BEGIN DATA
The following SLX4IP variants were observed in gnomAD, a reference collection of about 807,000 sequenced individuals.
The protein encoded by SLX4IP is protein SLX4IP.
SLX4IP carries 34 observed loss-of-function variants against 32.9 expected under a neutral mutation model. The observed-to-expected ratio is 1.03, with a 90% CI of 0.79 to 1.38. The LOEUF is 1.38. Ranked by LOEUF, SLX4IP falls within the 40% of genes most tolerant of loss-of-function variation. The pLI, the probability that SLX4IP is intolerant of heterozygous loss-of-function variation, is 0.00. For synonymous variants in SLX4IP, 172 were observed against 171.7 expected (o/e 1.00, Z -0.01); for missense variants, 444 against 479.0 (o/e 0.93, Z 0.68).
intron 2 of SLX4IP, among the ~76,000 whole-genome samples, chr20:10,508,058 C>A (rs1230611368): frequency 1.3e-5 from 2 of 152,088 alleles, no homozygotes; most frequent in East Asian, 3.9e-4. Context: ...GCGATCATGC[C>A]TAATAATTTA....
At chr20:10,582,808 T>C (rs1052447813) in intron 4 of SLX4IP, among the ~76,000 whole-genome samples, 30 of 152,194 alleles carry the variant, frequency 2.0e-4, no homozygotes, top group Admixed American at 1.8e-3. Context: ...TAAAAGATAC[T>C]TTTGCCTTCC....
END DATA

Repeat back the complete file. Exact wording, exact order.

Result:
The following SLX4IP variants were observed in gnomAD, a reference collection of about 807,000 sequenced individuals.
The protein encoded by SLX4IP is protein SLX4IP.
SLX4IP carries 34 observed loss-of-function variants against 32.9 expected under a neutral mutation model. The observed-to-expected ratio is 1.03, with a 90% CI of 0.79 to 1.38. The LOEUF is 1.38. Ranked by LOEUF, SLX4IP falls within the 40% of genes most tolerant of loss-of-function variation. The pLI, the probability that SLX4IP is intolerant of heterozygous loss-of-function variation, is 0.00. For synonymous variants in SLX4IP, 172 were observed against 171.7 expected (o/e 1.00, Z -0.01); for missense variants, 444 against 479.0 (o/e 0.93, Z 0.68).
intron 2 of SLX4IP, among the ~76,000 whole-genome samples, chr20:10,508,058 C>A (rs1230611368): frequency 1.3e-5 from 2 of 152,088 alleles, no homozygotes; most frequent in East Asian, 3.9e-4. Context: ...GCGATCATGC[C>A]TAATAATTTA....
At chr20:10,582,808 T>C (rs1052447813) in intron 4 of SLX4IP, among the ~76,000 whole-genome samples, 30 of 152,194 alleles carry the variant, frequency 2.0e-4, no homozygotes, top group Admixed American at 1.8e-3. Context: ...TAAAAGATAC[T>C]TTTGCCTTCC....